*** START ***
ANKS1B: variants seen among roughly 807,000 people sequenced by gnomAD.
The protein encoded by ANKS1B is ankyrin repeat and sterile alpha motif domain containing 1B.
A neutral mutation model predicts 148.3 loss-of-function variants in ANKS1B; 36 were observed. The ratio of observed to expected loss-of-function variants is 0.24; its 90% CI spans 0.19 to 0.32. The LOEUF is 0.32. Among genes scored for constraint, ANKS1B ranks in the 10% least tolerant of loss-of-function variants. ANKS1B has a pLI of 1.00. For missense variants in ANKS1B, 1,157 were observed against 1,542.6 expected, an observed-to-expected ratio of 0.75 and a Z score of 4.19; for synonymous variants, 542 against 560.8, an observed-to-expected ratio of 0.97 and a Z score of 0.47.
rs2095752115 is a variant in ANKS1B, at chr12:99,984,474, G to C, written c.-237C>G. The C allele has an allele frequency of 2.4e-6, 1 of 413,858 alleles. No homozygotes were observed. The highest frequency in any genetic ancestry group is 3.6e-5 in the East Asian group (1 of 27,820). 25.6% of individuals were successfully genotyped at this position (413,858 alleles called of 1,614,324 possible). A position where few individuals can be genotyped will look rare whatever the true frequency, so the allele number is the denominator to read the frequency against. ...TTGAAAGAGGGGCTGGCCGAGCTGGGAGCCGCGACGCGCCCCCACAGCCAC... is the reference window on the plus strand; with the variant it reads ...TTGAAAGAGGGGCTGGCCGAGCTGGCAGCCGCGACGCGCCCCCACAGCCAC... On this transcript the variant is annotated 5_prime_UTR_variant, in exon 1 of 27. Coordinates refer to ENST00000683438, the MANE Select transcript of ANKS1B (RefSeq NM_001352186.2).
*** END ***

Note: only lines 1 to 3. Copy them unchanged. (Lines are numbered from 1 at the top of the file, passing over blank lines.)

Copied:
ANKS1B: variants seen among roughly 807,000 people sequenced by gnomAD.
The protein encoded by ANKS1B is ankyrin repeat and sterile alpha motif domain containing 1B.
A neutral mutation model predicts 148.3 loss-of-function variants in ANKS1B; 36 were observed. The ratio of observed to expected loss-of-function variants is 0.24; its 90% CI spans 0.19 to 0.32. The LOEUF is 0.32. Among genes scored for constraint, ANKS1B ranks in the 10% least tolerant of loss-of-function variants. ANKS1B has a pLI of 1.00. For missense variants in ANKS1B, 1,157 were observed against 1,542.6 expected, an observed-to-expected ratio of 0.75 and a Z score of 4.19; for synonymous variants, 542 against 560.8, an observed-to-expected ratio of 0.97 and a Z score of 0.47.